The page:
I don't understand your argument for why this equality should hold, so if I had seen this thread earlier, I would have asked for clarification, just like strangerep did.
  17. Aug 6, 2012 #16
    Except he didn't ask for clarification exactly, he originally pointed me towards wiki and wiki can hardly be understood half the time. It doesn't explain itself well.

    Now, why are you saying

    [tex]\psi^{\dagger} = \beta \bar{\psi}[/tex] isn't true?

    It's pretty standard that to go from psi dagger to psi bar you simply multiply beta on bothe sides of the equation... but yes, you are helping me more than the last poster. You are probing the equations and questioning them, which is what I wanted.
  18. Aug 6, 2012 #17


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    What I'm saying is that the product of a 4×4 matrix and a 1×4 matrix is undefined. The equality is neither true nor false, since the right-hand side is undefined.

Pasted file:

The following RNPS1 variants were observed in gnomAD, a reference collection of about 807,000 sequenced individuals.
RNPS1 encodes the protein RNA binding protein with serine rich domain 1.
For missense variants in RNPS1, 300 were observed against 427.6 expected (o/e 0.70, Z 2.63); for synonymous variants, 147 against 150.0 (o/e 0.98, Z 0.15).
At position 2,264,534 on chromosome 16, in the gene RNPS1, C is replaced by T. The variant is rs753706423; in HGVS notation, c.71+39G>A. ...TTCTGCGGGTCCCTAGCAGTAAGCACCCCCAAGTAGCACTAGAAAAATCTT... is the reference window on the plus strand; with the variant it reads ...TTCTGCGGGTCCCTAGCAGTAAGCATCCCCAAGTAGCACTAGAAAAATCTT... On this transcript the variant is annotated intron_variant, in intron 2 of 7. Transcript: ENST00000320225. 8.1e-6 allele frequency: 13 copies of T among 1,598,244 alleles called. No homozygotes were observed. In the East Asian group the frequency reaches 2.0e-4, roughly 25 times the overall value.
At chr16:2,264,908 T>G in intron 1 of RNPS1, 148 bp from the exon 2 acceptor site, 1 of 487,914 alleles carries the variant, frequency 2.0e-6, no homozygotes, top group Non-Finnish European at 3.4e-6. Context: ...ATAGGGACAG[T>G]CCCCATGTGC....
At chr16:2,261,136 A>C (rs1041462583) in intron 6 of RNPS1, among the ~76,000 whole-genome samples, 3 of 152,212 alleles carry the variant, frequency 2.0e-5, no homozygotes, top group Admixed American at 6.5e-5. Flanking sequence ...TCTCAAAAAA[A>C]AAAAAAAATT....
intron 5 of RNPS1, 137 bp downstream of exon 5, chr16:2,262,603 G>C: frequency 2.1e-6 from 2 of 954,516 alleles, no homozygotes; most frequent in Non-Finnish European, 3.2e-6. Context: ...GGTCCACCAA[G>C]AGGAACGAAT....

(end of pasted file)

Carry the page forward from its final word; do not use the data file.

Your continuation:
The product XY of two matrices X and Y is only defined when the number of columns of X is equal to the number of rows of Y.

    According to the Wikipedia article that strangerep linked to, we have ##\bar\psi=\psi^\dagger\gamma^0 =\psi^\dagger\beta##. And we can solve this for ##\psi^\dagger## by multiplying both sides with ##\beta## from the right. The result is ##\bar\psi\beta=\psi^\dagger##. So yes, you can "go from psi dagger to psi bar" and vice versa using these equations, but if you're going to write down something like ##\beta\bar\psi## (with ##\beta## on the left), you're going to have to define what that product means.
    Last edited: Aug 6, 2012
  19. Aug 7, 2012 #18
    Oh I see, that's just my clumsiness.
  20. Aug 7, 2012 #19
    Right, so that is ok... What about my momentum terms, have I understood them correctly as well?
  21. Aug 8, 2012 #20


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    What about the momentum terms? I don't understand what you're asking. I also don't understand what you're doing towards the end of post #1.